|Some children come from healthy homes.|
and they're easy to teach.
Others come to class loaded
with problems and even loaded weapons.
Saving them is much tougher business,
Teachers can only do their best.
That's not always enough.
Luckily, he didn't shoot either of us, or anyone else that day. Years later, however, he shot himself. Nothing funny about this in any way.
Still, when I hear the cascading criticism leveled at public school teachers and hear experts insist we have to save every kid, I think, who was ever going to save Dylan Klebold? Who was ever going to save Eric Harris? Those two were the shooters at Columbine High in April 1999.
It's ironic, when teachers hear their job is to save every child, because the people who say they know how to do the saving are never the ones who do the saving. Congress passes No Child Left Behind and promises....promises, mind you....that every child in America is going to be proficient in reading and math by 2014.
Of course, teachers have to be committed to working toward that noble goal. It's absolutely true: We don't want to give up on any child.
That doesn't mean we should take leave of our five senses and ignore harsh realities. The New York Times reported this week that Salinas, California has a serious gang problem and police are struggling to control 3,500 young men and women involved in various criminal enterprises.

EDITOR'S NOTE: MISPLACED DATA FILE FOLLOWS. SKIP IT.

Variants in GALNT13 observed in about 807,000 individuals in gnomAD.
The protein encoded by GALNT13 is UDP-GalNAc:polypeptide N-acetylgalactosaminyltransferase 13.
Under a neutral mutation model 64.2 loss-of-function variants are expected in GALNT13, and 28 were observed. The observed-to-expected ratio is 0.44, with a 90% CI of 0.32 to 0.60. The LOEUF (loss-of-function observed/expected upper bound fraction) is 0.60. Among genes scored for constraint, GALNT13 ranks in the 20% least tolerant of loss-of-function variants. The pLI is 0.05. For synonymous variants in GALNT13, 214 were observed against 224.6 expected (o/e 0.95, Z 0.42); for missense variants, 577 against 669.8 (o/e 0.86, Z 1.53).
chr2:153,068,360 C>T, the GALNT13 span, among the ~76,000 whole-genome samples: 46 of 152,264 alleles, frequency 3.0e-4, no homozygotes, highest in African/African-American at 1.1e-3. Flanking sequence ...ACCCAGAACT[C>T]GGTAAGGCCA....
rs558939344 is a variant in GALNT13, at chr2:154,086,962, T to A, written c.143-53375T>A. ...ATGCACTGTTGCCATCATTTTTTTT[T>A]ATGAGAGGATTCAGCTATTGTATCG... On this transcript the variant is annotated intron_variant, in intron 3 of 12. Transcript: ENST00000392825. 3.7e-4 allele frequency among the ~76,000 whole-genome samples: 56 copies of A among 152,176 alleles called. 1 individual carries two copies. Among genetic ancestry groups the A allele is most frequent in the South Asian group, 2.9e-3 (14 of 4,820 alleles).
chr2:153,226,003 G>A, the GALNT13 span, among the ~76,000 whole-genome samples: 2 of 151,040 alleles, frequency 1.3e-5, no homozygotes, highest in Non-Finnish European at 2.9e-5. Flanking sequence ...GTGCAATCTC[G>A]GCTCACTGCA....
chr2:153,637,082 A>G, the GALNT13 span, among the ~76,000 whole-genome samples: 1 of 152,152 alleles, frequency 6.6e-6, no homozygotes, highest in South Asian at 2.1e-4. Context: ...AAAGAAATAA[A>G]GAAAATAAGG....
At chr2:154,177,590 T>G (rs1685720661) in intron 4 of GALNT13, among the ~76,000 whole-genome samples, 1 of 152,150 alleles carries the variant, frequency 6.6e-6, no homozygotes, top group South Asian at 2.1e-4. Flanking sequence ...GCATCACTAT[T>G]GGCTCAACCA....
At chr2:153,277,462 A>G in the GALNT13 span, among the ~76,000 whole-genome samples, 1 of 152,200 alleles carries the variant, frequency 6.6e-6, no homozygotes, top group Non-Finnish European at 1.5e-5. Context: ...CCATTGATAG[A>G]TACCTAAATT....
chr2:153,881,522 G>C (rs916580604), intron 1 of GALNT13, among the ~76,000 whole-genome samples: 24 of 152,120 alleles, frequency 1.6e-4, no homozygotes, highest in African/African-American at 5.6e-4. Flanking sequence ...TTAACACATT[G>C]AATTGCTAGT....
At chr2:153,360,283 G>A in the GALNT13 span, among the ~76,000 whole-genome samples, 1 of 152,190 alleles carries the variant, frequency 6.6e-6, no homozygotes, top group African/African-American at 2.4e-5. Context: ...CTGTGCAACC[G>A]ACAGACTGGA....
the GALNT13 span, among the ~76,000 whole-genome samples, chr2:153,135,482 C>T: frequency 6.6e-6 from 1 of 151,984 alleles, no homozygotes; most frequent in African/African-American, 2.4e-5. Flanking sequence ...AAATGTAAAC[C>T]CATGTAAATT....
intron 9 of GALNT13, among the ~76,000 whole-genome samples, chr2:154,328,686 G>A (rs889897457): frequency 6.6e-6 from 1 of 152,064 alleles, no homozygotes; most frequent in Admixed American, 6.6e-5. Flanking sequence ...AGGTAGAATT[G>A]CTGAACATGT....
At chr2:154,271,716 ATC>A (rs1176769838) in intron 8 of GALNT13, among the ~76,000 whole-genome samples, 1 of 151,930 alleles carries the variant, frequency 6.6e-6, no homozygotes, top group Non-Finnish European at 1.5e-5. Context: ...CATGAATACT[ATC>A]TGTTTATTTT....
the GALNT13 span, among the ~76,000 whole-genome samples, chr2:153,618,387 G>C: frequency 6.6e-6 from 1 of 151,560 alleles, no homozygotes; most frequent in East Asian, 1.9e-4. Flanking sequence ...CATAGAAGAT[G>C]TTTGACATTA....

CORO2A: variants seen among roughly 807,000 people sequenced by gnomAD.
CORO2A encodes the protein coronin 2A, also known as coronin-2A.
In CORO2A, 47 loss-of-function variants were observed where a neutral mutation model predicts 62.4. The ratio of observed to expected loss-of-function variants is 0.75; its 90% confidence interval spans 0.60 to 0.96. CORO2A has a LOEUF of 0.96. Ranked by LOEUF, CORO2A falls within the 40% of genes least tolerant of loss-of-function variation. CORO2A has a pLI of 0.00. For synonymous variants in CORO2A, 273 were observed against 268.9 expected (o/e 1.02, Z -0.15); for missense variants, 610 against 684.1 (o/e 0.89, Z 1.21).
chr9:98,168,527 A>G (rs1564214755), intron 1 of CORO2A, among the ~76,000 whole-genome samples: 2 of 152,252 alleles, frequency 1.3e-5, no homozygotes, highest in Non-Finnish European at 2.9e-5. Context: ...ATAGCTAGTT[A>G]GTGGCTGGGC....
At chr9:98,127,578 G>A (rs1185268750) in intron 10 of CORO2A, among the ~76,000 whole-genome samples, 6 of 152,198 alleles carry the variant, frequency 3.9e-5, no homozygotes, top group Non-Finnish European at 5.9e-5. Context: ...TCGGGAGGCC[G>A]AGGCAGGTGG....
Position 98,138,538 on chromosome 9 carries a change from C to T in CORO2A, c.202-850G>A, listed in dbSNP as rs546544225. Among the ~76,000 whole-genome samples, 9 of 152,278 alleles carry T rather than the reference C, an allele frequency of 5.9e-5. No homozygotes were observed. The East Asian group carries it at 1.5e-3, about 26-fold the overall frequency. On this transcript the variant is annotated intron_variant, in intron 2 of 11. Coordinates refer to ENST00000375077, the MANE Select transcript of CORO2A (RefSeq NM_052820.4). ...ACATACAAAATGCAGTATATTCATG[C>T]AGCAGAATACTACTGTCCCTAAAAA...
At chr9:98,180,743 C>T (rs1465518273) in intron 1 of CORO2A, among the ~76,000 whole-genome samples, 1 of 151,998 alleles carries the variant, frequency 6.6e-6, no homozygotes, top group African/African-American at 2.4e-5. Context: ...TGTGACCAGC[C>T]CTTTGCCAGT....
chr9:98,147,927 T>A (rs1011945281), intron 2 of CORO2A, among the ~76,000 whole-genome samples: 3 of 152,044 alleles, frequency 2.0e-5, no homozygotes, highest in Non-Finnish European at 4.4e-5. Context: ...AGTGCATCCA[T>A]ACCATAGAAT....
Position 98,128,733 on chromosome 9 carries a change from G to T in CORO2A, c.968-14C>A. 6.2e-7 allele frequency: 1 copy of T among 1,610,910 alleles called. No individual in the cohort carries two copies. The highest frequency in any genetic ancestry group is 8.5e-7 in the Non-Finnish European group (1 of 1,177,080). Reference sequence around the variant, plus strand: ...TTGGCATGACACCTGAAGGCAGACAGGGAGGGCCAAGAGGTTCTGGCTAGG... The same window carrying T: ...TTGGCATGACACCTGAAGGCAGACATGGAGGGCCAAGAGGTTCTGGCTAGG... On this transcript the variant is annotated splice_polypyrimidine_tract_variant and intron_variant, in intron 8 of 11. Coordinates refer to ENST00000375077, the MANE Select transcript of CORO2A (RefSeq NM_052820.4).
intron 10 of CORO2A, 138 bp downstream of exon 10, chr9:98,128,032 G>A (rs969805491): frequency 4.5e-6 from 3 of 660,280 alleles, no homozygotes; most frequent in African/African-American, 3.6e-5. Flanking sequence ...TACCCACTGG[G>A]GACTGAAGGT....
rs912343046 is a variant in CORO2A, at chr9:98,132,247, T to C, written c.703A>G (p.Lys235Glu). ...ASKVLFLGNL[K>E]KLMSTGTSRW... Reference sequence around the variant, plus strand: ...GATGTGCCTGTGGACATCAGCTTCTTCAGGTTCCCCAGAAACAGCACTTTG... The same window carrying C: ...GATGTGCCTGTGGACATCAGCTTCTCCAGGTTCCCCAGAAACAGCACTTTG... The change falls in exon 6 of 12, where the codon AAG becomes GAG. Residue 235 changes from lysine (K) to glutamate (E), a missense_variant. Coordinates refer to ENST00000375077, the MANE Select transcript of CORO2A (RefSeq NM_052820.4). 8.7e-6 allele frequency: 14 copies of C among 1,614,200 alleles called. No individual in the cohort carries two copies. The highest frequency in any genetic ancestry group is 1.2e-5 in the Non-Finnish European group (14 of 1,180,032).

I see that, and I want to tell the fools in the U. S. Department of Education, or our pompous Governor John Kasich here in Ohio, or assorted newspaper critics, "You want to save a sixteen-year-old gang member with a violent criminal record, you save him yourself."
FRANKLY, IT GETS TIRESOME LISTENING to Secretary of Education Arne Duncan preach. He says fixing American education is "all about the talent," meaning all about teachers. Mayor Michael R. Bloomberg of New York City, Harvard grad, and billionaire, a man who never spent a day in a classroom in his life, unless he got lost on the way to making another deposit at his bank, insists that his efforts to reform NYC schools have been thwarted because too many teachers come from the bottom ranks of their college classes, and "not of the best schools."
Davis Guggenheim, producer of Waiting for Superman, put together an entire film focusing on five great kids and their families and how badly they wanted to win the lottery and get into the local charter schools. The moral of his fable was simple. The typical public school teacher was lazy or incompetent, or both, and all parents and all children would live happily ever after if we had more vouchers and more charter schools. Then he sent his own kids to an elite private school, lest they might rub shoulders--or noses--with actual poor kids--or gang members.
Steven Brill, non-teaching expert on teaching, and a well-healed lawyer, insisted in his own book, Class Warfare, that the main problems in schools were teachers' unions and tenure laws. So, sure. I guess you could argue if I hadn't had tenure that poor boy wouldn't have brought that gun. And if it weren't for teachers unions, those two terrible young men who shot up Columbine would have been fine.
THEN, SAVING EVERY CHILD ISN'T AS EASY as the fools who write books and the knuckle-heads who pass legislation promising miracles make the job of working those miracles sound.
It's a daunting challenge, even for the greatest teachers in America.